“That is part of being a 21st century chief of police and most big city police chiefs are out there doing just that,” Piquero said. “In 21st century policing, you need to have a police chief who is out there talking to and engaging with the community because crime fighting is not a police job, it is not a community job, it is a police and community job. It’s not just sitting in a room on the 8th floor or 3rd floor of some building downtown. Nobody wants that. People want to see a chief of police who is out there in the community, talking with people, at protests, working with people.”

Weinstein said that based on the memo, it appeared that Acevedo “believes he is doing the job for which he was hired, which is to be the chief of police for the city of Miami and police the streets of the city of Miami,” he said.

At Monday’s meeting, Reyes called for a resolution to launch an impartial and independent investigation into claims in the memo and claims from the Miami Fraternal Order of Police.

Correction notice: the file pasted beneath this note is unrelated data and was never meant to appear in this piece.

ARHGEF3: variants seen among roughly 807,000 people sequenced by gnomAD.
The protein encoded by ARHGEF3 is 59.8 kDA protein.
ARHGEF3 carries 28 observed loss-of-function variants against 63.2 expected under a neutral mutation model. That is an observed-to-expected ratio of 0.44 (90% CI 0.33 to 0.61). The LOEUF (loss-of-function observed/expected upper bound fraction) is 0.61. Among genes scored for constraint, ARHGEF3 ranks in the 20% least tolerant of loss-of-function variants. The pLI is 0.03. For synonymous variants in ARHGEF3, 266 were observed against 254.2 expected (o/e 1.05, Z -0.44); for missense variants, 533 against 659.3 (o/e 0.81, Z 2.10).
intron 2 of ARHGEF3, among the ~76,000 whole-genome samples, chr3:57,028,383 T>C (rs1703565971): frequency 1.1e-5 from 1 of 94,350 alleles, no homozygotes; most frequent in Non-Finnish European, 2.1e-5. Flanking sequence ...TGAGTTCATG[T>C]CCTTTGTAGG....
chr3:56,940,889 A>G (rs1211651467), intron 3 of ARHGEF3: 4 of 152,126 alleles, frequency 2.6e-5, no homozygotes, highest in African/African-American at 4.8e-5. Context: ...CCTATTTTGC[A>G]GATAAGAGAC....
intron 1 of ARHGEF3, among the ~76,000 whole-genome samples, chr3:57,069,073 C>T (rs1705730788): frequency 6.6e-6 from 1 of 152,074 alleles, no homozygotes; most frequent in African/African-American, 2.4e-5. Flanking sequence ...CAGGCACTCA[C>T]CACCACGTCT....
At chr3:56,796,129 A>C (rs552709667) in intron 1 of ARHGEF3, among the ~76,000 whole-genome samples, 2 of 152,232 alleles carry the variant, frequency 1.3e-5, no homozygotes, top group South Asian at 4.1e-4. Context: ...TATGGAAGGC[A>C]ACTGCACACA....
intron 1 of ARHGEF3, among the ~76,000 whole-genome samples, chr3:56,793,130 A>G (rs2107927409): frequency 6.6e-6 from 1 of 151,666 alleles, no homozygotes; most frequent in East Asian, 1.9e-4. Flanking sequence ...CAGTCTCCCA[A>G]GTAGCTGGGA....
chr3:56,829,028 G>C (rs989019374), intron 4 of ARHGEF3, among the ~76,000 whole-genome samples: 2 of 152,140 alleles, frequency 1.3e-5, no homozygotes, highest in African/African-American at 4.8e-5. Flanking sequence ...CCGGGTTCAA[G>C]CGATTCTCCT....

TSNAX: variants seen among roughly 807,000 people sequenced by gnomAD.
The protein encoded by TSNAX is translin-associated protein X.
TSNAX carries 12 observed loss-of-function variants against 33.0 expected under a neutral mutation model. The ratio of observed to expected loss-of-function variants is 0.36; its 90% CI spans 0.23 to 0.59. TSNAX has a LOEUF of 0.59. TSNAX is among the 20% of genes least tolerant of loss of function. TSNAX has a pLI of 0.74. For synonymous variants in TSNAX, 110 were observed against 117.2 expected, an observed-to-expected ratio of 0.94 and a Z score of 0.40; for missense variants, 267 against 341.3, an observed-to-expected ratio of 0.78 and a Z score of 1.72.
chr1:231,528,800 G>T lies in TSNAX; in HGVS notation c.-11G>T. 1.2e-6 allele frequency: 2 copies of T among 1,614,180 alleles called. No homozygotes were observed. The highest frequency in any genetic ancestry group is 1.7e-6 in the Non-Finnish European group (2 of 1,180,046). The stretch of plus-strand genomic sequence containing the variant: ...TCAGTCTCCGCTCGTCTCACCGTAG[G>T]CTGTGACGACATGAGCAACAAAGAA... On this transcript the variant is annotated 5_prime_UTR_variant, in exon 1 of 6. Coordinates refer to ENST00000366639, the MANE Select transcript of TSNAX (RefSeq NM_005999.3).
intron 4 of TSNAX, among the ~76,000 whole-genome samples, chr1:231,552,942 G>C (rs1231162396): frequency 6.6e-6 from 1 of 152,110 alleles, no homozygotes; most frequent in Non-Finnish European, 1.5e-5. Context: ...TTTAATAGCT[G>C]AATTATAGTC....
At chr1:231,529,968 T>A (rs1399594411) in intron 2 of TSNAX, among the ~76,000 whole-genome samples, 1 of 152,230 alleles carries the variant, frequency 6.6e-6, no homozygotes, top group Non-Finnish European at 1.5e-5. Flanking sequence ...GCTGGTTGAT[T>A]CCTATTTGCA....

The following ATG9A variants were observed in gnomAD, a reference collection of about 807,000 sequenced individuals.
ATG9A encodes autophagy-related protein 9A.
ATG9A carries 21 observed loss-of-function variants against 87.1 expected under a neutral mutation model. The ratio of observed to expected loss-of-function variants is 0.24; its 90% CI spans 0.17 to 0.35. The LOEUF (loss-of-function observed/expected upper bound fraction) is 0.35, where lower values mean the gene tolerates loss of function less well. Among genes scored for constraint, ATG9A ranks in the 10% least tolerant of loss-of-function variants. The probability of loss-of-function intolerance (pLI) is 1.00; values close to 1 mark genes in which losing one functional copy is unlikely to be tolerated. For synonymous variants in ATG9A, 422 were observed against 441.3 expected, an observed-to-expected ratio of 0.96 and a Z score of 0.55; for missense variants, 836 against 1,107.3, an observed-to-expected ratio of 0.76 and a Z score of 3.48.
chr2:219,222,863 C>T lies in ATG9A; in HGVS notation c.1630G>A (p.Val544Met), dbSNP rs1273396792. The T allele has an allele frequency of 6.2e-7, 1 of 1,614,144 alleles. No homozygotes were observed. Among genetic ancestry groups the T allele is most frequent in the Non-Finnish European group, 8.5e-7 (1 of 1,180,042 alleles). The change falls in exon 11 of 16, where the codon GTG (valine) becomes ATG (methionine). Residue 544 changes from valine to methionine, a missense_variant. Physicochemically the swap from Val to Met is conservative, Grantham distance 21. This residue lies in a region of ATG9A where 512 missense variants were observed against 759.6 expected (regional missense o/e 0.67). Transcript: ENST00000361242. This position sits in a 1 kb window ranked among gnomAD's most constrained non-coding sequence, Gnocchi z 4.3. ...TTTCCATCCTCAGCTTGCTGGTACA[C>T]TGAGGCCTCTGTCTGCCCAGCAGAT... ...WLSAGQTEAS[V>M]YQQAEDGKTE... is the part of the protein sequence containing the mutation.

The independent investigation passed Monday in a 4 to 0 vote.

“We have to clear the air and the only way we can clear the air is with a thorough investigation,” Reyes said. “I am personally not going to pressure the city manager to make a decision to fire anybody. I just want everybody to know and if there is grounds for dismissal, I want it to be found and we go within the law, within the statutes,” Reyes said.

Jose J. Arrojo, executive director of the Miami-Dade Commission on Ethics and Public Trust, released this statement to Local 10 News:

“The Ethics Commission does have review and enforcement authority for violations of the County and City of Miami Conflict of Interest and Code of Ethics Ordinances as they apply to elected officials in that city. However, the Ethics Commission’s rules of procedure prohibit staff from commenting on open ethics investigations and I consider the prohibition to extend to confirming or denying whether the agency is reviewing a matter. Consequently, I am unable to comment as regards Chief Acevedo’s allegations.”

About the Authors:

Christina returned to Local 10 in 2019 as a reporter after covering Hurricane Dorian for the station. She is an Edward R. Murrow Award-winning journalist and previously earned an Emmy Award while at WPLG for her investigative consumer protection segment "Call Christina."

Michelle F. Solomon is the podcast producer/reporter/host of Local 10's original, true-crime podcast The Florida Files and a digital journalist for Local 10.com.